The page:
Re: Clioudfare's free DNS: Fwd: [IP] How to keep your ISP's nose out of your browser history with encrypted DNS

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Re: Clioudfare's free DNS: Fwd: [IP] How to keep your ISP's nose out of your browser history with encrypted DNS

Fritz Mills


Begin forwarded message:

From: "Dave Farber" <[hidden email]>
Subject: [IP] How to keep your ISP's nose out of your browser history with encrypted DNS
Date: April 9, 2018 at 8:01:54 AM CDT
To: "ip" <[hidden email]>
Reply-To: [hidden email]




Begin forwarded message:

From: Dewayne Hendricks <[hidden email]>
Date: April 9, 2018 at 8:29:58 AM EDT
To: Multiple recipients of Dewayne-Net <[hidden email]>
Subject: [Dewayne-Net] How to keep your ISP's nose out of your browser history with encrypted DNS
Reply-To: [hidden email]

[Note:  This item comes from friend Robert Berger.  DLH]

How to keep your ISP’s nose out of your browser history with encrypted DNS
Using Cloudflare’s 1.1.1.1, other DNS services still require some command-line know-how.
By SEAN GALLAGHER
Apr 8 2018
<https://arstechnica.com/information-technology/2018/04/how-to-keep-your-isps-nose-out-of-your-browser-history-with-encrypted-dns/>

The death of network neutrality and the loosening of regulations on how Internet providers handle customers' network traffic have raised many concerns over privacy. Internet providers (and others watching traffic as it passes over the Internet) have long had a tool that allows them to monitor individuals' Internet habits with ease: their Domain Name System (DNS) servers. And if they haven't been cashing in on that data already (or using it to change how you see the Internet), they likely soon will.

DNS services are the phone books of the Internet, providing the actual Internet Protocol (IP) network address associated with websites' and other Internet services' host and domain names. They turn arstechnica.com into 50.31.169.131, for example. Your Internet provider offers up DNS as part of your service, but your provider could also log your DNS traffic—in essence, recording your entire browsing history.

"Open" DNS services provide a way of bypassing ISPs' services for reasons of privacy and security—and in some places, evading content filtering, surveillance, and censorship. And on April 1 (not a joke), Cloudflare launched its own new, free high-performance authoritative DNS service designed to enhance users' privacy on the Internet. This new offering also promised a way to hide DNS traffic completely from view—encryption.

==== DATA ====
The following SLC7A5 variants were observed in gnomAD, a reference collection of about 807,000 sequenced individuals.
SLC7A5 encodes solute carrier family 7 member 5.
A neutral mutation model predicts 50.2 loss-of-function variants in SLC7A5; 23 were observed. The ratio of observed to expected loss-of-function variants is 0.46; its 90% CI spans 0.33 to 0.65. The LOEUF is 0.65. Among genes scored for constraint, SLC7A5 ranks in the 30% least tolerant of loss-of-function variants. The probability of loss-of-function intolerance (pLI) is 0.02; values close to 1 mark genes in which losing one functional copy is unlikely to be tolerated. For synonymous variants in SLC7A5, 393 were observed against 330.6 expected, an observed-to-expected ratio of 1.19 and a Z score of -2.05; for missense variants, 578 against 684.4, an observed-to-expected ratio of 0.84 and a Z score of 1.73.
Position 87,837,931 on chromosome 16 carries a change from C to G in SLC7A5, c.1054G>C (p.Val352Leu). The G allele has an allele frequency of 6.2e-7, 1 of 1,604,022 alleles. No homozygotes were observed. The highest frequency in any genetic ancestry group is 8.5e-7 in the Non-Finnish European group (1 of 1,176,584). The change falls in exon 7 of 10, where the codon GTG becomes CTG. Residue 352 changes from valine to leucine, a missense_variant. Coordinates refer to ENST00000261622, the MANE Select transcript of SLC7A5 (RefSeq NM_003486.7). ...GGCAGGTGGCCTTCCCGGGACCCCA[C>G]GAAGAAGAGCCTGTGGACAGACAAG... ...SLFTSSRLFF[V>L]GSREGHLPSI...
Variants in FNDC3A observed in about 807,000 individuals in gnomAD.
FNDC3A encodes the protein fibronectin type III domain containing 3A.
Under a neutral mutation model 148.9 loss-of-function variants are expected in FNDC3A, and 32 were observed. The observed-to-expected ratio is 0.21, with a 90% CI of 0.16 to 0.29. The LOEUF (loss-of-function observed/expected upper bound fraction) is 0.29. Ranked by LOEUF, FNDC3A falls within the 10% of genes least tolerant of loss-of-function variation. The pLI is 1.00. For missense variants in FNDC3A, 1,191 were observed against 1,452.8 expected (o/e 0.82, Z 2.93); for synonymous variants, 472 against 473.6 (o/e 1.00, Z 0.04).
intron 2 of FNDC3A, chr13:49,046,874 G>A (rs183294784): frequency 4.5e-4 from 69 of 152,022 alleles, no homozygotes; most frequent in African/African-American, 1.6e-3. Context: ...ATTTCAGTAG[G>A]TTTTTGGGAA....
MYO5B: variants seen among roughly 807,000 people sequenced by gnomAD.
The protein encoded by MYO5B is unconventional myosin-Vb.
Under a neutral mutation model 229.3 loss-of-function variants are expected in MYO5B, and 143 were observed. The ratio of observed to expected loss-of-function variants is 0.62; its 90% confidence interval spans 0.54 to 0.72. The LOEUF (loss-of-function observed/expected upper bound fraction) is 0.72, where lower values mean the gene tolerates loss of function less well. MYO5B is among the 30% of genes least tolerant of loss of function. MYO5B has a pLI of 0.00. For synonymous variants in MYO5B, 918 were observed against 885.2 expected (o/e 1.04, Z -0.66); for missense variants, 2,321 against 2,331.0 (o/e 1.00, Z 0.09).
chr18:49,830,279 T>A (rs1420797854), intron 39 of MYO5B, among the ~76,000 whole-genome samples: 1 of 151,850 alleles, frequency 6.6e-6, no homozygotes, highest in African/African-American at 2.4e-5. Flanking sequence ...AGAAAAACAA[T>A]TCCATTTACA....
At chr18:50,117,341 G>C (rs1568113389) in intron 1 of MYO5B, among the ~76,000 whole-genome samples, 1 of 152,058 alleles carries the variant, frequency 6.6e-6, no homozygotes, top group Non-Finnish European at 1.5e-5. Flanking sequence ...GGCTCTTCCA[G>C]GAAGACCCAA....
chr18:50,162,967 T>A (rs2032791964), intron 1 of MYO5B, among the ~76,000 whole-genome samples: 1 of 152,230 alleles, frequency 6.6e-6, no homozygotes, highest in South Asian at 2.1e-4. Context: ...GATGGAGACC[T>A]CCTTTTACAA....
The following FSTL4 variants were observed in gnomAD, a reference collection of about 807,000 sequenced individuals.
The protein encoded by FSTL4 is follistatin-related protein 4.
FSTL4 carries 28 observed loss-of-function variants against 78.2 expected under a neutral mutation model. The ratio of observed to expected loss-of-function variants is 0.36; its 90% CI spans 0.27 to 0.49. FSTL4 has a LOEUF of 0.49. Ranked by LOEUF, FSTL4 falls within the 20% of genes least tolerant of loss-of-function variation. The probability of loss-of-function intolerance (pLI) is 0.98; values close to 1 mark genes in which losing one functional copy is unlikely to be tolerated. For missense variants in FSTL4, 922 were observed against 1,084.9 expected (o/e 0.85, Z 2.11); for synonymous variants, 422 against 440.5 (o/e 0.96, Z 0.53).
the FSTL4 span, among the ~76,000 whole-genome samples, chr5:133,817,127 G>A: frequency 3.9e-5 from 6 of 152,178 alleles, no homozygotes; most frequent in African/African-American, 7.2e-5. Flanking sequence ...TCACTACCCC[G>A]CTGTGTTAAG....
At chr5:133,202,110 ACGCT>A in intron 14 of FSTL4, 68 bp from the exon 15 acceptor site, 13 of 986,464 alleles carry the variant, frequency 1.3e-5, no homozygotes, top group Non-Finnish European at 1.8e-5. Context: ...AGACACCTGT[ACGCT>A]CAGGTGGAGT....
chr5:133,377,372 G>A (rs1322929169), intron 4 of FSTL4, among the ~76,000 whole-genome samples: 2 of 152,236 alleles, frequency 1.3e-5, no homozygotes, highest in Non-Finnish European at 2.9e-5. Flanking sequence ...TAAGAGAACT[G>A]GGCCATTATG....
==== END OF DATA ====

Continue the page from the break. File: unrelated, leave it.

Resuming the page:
Named for its Internet Protocol address, 1.1.1.1 is the result of a partnership with the research group of APNIC, the Asia-Pacific Internet registry. While it's also available as an "open" conventional DNS resolver (and a very fast one at that), Cloudflare is supporting two encrypted DNS protocols.

While executed with some unique Cloudflare flare, 1.1.1.1 isn't the first encrypted DNS service by any means—Quad9, Cisco's OpenDNS, Google's 8.8.8.8 service, and a host of smaller providers support various schemes to encrypt DNS requests entirely. But encryption doesn't necessarily mean that your traffic is invisible; some encrypted DNS services log your requests for various purposes.

Cloudflare has promised not to log individuals' DNS traffic and has hired an outside firm to audit that promise. APNIC wants to use traffic data to point to the IP address, which has the unfortunate legacy of being a dumping ground for "garbage" Internet traffic, for research purposes, according to APNIC's Geoff Huston. But APNIC won't have access to the encrypted DNS traffic in this case, either.

For users, taking advantage of encrypted DNS services from Cloudflare or any other privacy-focused DNS services is not as easy as changing a number in network settings. No operating system currently directly supports any of the encrypted DNS services without the addition of some less-than-consumer-friendly software. And not all of the services are created equally in terms of software support and performance.

But with consumer data as product all over the news as of late, I set out to see just how to get Cloudflare's encrypted DNS service working. And overcome by my inner lab-rat, I ended up testing and dissecting clients for multiple DNS providers using three of the established protocols for DNS encryption: DNSCrypt, DNS over TLS, and DNS over HTTPS. All of them can work, but let me warn you: while it's getting easier, choosing the encrypted DNS route is not something you'd necessarily be able to walk Mom or Dad through over the phone today. (Unless, of course, your parents happen to be a seasoned Linux command-line user.)

[snip]

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